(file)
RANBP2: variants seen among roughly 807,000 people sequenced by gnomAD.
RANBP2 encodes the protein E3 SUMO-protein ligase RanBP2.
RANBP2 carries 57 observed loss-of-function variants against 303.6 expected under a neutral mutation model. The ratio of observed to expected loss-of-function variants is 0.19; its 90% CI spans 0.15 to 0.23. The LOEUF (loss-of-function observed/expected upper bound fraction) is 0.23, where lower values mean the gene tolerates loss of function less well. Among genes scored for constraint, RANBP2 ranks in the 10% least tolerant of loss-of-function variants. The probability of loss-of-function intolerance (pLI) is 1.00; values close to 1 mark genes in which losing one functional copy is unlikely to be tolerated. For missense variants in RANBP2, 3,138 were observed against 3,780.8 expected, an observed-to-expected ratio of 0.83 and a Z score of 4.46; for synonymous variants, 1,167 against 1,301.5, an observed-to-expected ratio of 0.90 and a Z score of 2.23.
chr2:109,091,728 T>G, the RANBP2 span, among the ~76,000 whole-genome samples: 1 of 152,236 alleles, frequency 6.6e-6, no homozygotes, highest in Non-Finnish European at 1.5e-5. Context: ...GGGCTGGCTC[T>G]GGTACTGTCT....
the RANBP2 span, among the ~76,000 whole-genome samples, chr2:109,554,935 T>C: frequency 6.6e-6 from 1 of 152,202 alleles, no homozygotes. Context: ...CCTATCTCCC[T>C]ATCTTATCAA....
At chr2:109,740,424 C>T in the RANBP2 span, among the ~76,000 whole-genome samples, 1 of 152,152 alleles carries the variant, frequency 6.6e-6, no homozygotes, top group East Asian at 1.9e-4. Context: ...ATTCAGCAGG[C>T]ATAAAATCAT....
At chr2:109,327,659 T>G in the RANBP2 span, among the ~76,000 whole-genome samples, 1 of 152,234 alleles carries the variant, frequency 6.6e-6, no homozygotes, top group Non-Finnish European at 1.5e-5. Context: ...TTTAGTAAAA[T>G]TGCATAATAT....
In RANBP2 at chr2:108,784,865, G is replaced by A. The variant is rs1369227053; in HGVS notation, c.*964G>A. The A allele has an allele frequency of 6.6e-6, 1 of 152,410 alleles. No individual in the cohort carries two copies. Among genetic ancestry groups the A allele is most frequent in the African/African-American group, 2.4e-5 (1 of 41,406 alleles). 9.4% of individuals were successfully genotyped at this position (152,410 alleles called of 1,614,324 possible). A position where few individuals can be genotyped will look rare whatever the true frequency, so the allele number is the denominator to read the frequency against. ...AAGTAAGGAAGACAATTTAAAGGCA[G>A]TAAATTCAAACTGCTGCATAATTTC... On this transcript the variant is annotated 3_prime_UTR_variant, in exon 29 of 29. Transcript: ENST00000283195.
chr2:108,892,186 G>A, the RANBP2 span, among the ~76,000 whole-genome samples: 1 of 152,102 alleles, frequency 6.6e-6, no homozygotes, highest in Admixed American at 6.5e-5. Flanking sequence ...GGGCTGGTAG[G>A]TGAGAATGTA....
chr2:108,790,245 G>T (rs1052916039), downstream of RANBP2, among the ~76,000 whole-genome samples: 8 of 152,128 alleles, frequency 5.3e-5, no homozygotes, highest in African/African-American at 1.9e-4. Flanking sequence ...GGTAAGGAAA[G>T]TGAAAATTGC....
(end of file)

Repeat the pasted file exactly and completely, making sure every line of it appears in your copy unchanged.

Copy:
RANBP2: variants seen among roughly 807,000 people sequenced by gnomAD.
RANBP2 encodes the protein E3 SUMO-protein ligase RanBP2.
RANBP2 carries 57 observed loss-of-function variants against 303.6 expected under a neutral mutation model. The ratio of observed to expected loss-of-function variants is 0.19; its 90% CI spans 0.15 to 0.23. The LOEUF (loss-of-function observed/expected upper bound fraction) is 0.23, where lower values mean the gene tolerates loss of function less well. Among genes scored for constraint, RANBP2 ranks in the 10% least tolerant of loss-of-function variants. The probability of loss-of-function intolerance (pLI) is 1.00; values close to 1 mark genes in which losing one functional copy is unlikely to be tolerated. For missense variants in RANBP2, 3,138 were observed against 3,780.8 expected, an observed-to-expected ratio of 0.83 and a Z score of 4.46; for synonymous variants, 1,167 against 1,301.5, an observed-to-expected ratio of 0.90 and a Z score of 2.23.
chr2:109,091,728 T>G, the RANBP2 span, among the ~76,000 whole-genome samples: 1 of 152,236 alleles, frequency 6.6e-6, no homozygotes, highest in Non-Finnish European at 1.5e-5. Context: ...GGGCTGGCTC[T>G]GGTACTGTCT....
the RANBP2 span, among the ~76,000 whole-genome samples, chr2:109,554,935 T>C: frequency 6.6e-6 from 1 of 152,202 alleles, no homozygotes. Context: ...CCTATCTCCC[T>C]ATCTTATCAA....
At chr2:109,740,424 C>T in the RANBP2 span, among the ~76,000 whole-genome samples, 1 of 152,152 alleles carries the variant, frequency 6.6e-6, no homozygotes, top group East Asian at 1.9e-4. Context: ...ATTCAGCAGG[C>T]ATAAAATCAT....
At chr2:109,327,659 T>G in the RANBP2 span, among the ~76,000 whole-genome samples, 1 of 152,234 alleles carries the variant, frequency 6.6e-6, no homozygotes, top group Non-Finnish European at 1.5e-5. Context: ...TTTAGTAAAA[T>G]TGCATAATAT....
In RANBP2 at chr2:108,784,865, G is replaced by A. The variant is rs1369227053; in HGVS notation, c.*964G>A. The A allele has an allele frequency of 6.6e-6, 1 of 152,410 alleles. No individual in the cohort carries two copies. Among genetic ancestry groups the A allele is most frequent in the African/African-American group, 2.4e-5 (1 of 41,406 alleles). 9.4% of individuals were successfully genotyped at this position (152,410 alleles called of 1,614,324 possible). A position where few individuals can be genotyped will look rare whatever the true frequency, so the allele number is the denominator to read the frequency against. ...AAGTAAGGAAGACAATTTAAAGGCA[G>A]TAAATTCAAACTGCTGCATAATTTC... On this transcript the variant is annotated 3_prime_UTR_variant, in exon 29 of 29. Transcript: ENST00000283195.
chr2:108,892,186 G>A, the RANBP2 span, among the ~76,000 whole-genome samples: 1 of 152,102 alleles, frequency 6.6e-6, no homozygotes, highest in Admixed American at 6.5e-5. Flanking sequence ...GGGCTGGTAG[G>A]TGAGAATGTA....
chr2:108,790,245 G>T (rs1052916039), downstream of RANBP2, among the ~76,000 whole-genome samples: 8 of 152,128 alleles, frequency 5.3e-5, no homozygotes, highest in African/African-American at 1.9e-4. Flanking sequence ...GGTAAGGAAA[G>T]TGAAAATTGC....